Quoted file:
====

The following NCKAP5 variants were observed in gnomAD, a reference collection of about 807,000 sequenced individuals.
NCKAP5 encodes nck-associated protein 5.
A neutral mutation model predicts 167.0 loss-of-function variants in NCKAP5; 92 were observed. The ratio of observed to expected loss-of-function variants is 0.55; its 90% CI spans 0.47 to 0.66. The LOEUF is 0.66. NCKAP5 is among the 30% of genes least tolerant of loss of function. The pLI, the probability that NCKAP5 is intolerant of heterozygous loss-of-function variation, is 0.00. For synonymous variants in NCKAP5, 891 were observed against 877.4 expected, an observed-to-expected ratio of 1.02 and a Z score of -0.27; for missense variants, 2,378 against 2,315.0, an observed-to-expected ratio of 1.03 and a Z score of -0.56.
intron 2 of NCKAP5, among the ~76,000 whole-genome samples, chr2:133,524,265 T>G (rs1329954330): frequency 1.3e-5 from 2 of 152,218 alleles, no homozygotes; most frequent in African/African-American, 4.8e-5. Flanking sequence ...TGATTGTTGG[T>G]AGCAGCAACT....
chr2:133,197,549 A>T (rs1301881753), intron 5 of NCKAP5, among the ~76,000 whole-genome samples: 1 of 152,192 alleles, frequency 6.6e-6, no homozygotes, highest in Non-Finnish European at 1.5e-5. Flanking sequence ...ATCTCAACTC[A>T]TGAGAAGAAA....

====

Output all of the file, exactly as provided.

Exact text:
The following NCKAP5 variants were observed in gnomAD, a reference collection of about 807,000 sequenced individuals.
NCKAP5 encodes nck-associated protein 5.
A neutral mutation model predicts 167.0 loss-of-function variants in NCKAP5; 92 were observed. The ratio of observed to expected loss-of-function variants is 0.55; its 90% CI spans 0.47 to 0.66. The LOEUF is 0.66. NCKAP5 is among the 30% of genes least tolerant of loss of function. The pLI, the probability that NCKAP5 is intolerant of heterozygous loss-of-function variation, is 0.00. For synonymous variants in NCKAP5, 891 were observed against 877.4 expected, an observed-to-expected ratio of 1.02 and a Z score of -0.27; for missense variants, 2,378 against 2,315.0, an observed-to-expected ratio of 1.03 and a Z score of -0.56.
intron 2 of NCKAP5, among the ~76,000 whole-genome samples, chr2:133,524,265 T>G (rs1329954330): frequency 1.3e-5 from 2 of 152,218 alleles, no homozygotes; most frequent in African/African-American, 4.8e-5. Flanking sequence ...TGATTGTTGG[T>G]AGCAGCAACT....
chr2:133,197,549 A>T (rs1301881753), intron 5 of NCKAP5, among the ~76,000 whole-genome samples: 1 of 152,192 alleles, frequency 6.6e-6, no homozygotes, highest in Non-Finnish European at 1.5e-5. Flanking sequence ...ATCTCAACTC[A>T]TGAGAAGAAA....